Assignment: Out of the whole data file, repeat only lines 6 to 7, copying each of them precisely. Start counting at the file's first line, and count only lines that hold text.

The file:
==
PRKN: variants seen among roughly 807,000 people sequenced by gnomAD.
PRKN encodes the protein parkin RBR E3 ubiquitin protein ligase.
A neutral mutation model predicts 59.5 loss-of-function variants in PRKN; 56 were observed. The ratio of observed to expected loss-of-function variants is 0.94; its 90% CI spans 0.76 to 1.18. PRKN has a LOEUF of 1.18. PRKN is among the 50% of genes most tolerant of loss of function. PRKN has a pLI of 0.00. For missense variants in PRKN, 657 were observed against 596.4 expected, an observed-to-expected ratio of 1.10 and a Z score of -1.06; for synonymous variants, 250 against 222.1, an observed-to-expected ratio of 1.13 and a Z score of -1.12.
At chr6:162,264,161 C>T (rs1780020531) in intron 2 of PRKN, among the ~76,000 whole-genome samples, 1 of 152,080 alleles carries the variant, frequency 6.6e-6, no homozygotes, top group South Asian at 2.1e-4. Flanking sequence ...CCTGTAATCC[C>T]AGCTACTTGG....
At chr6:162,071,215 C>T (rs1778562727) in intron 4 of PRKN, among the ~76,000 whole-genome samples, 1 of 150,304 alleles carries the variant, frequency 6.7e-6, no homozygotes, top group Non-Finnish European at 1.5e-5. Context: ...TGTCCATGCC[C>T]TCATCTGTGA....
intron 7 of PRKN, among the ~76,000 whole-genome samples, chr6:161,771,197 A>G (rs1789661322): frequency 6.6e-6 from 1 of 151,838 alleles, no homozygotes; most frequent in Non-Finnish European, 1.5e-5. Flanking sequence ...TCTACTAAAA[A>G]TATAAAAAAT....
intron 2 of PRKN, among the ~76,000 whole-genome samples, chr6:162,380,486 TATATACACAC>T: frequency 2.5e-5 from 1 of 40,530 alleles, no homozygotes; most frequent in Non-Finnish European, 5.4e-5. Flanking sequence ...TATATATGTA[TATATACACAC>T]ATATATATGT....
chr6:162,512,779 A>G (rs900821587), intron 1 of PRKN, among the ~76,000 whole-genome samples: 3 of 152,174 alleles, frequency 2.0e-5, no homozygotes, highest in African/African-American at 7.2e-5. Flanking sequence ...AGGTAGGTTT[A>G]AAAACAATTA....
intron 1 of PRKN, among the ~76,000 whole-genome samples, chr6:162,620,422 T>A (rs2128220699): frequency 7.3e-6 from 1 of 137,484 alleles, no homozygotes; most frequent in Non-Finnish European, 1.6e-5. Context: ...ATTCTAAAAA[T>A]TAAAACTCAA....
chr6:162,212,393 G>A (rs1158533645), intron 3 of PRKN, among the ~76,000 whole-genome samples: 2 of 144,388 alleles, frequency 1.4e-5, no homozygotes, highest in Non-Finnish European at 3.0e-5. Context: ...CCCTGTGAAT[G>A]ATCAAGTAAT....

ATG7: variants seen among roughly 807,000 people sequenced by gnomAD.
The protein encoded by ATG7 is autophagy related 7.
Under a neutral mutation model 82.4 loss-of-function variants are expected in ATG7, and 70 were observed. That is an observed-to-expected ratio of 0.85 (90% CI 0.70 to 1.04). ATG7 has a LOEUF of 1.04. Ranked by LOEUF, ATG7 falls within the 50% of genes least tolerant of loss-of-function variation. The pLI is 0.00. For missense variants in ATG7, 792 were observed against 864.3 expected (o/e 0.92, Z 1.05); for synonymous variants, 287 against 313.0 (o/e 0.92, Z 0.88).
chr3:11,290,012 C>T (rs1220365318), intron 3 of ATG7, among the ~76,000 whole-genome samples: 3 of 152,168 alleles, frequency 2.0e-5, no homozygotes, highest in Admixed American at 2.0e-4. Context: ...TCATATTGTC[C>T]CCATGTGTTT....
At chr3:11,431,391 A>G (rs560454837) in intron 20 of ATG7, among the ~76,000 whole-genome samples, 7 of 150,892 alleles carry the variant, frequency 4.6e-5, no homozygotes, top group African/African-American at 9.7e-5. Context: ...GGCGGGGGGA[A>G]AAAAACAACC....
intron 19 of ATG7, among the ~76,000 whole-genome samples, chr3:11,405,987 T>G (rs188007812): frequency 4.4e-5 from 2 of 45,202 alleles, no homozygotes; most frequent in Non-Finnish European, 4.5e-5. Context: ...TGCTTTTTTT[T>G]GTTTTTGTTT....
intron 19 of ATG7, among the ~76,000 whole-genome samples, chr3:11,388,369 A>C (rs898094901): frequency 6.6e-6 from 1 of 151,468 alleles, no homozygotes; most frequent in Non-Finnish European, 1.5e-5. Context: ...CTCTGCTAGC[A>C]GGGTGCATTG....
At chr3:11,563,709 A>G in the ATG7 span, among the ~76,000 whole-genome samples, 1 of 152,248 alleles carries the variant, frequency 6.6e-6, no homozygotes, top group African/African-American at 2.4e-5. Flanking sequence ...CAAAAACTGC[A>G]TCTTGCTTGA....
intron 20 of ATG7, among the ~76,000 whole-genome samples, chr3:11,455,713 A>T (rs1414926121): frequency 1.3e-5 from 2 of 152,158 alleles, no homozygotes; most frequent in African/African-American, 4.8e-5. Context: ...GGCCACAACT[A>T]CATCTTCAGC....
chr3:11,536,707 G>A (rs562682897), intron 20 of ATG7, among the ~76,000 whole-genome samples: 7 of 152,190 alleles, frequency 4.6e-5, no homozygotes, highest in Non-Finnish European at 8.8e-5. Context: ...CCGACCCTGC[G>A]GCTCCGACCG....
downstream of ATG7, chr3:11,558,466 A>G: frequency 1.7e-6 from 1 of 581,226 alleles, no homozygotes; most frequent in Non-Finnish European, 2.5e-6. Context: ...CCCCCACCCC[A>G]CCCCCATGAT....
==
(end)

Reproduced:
intron 7 of PRKN, among the ~76,000 whole-genome samples, chr6:161,771,197 A>G (rs1789661322): frequency 6.6e-6 from 1 of 151,838 alleles, no homozygotes; most frequent in Non-Finnish European, 1.5e-5. Flanking sequence ...TCTACTAAAA[A>G]TATAAAAAAT....
intron 2 of PRKN, among the ~76,000 whole-genome samples, chr6:162,380,486 TATATACACAC>T: frequency 2.5e-5 from 1 of 40,530 alleles, no homozygotes; most frequent in Non-Finnish European, 5.4e-5. Flanking sequence ...TATATATGTA[TATATACACAC>T]ATATATATGT....